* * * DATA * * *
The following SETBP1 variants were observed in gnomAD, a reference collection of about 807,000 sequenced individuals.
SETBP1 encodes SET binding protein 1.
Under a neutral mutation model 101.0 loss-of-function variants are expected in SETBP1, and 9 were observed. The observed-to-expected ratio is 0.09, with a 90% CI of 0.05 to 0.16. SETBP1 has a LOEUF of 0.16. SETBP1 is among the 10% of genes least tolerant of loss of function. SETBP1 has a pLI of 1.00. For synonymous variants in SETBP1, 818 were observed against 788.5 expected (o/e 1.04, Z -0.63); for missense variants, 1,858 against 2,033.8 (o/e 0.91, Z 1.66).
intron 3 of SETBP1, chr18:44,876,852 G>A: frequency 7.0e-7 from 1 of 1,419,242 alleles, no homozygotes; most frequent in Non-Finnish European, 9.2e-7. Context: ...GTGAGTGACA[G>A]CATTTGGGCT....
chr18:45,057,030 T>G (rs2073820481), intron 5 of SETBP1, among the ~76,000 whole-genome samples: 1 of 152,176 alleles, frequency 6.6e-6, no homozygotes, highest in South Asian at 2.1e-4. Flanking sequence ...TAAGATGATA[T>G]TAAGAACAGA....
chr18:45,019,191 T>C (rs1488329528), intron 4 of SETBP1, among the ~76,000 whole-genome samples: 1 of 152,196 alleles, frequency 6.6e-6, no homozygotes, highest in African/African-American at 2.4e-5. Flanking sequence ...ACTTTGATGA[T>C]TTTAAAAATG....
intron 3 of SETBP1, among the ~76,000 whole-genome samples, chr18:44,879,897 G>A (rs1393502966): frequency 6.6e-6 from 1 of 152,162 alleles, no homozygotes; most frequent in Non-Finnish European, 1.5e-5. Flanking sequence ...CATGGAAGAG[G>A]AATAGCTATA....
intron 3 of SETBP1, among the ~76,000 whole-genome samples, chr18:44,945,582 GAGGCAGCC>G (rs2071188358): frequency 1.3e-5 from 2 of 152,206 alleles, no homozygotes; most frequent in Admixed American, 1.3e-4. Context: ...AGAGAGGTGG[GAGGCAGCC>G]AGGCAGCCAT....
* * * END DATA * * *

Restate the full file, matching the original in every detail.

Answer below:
The following SETBP1 variants were observed in gnomAD, a reference collection of about 807,000 sequenced individuals.
SETBP1 encodes SET binding protein 1.
Under a neutral mutation model 101.0 loss-of-function variants are expected in SETBP1, and 9 were observed. The observed-to-expected ratio is 0.09, with a 90% CI of 0.05 to 0.16. SETBP1 has a LOEUF of 0.16. SETBP1 is among the 10% of genes least tolerant of loss of function. SETBP1 has a pLI of 1.00. For synonymous variants in SETBP1, 818 were observed against 788.5 expected (o/e 1.04, Z -0.63); for missense variants, 1,858 against 2,033.8 (o/e 0.91, Z 1.66).
intron 3 of SETBP1, chr18:44,876,852 G>A: frequency 7.0e-7 from 1 of 1,419,242 alleles, no homozygotes; most frequent in Non-Finnish European, 9.2e-7. Context: ...GTGAGTGACA[G>A]CATTTGGGCT....
chr18:45,057,030 T>G (rs2073820481), intron 5 of SETBP1, among the ~76,000 whole-genome samples: 1 of 152,176 alleles, frequency 6.6e-6, no homozygotes, highest in South Asian at 2.1e-4. Flanking sequence ...TAAGATGATA[T>G]TAAGAACAGA....
chr18:45,019,191 T>C (rs1488329528), intron 4 of SETBP1, among the ~76,000 whole-genome samples: 1 of 152,196 alleles, frequency 6.6e-6, no homozygotes, highest in African/African-American at 2.4e-5. Flanking sequence ...ACTTTGATGA[T>C]TTTAAAAATG....
intron 3 of SETBP1, among the ~76,000 whole-genome samples, chr18:44,879,897 G>A (rs1393502966): frequency 6.6e-6 from 1 of 152,162 alleles, no homozygotes; most frequent in Non-Finnish European, 1.5e-5. Flanking sequence ...CATGGAAGAG[G>A]AATAGCTATA....
intron 3 of SETBP1, among the ~76,000 whole-genome samples, chr18:44,945,582 GAGGCAGCC>G (rs2071188358): frequency 1.3e-5 from 2 of 152,206 alleles, no homozygotes; most frequent in Admixed American, 1.3e-4. Context: ...AGAGAGGTGG[GAGGCAGCC>G]AGGCAGCCAT....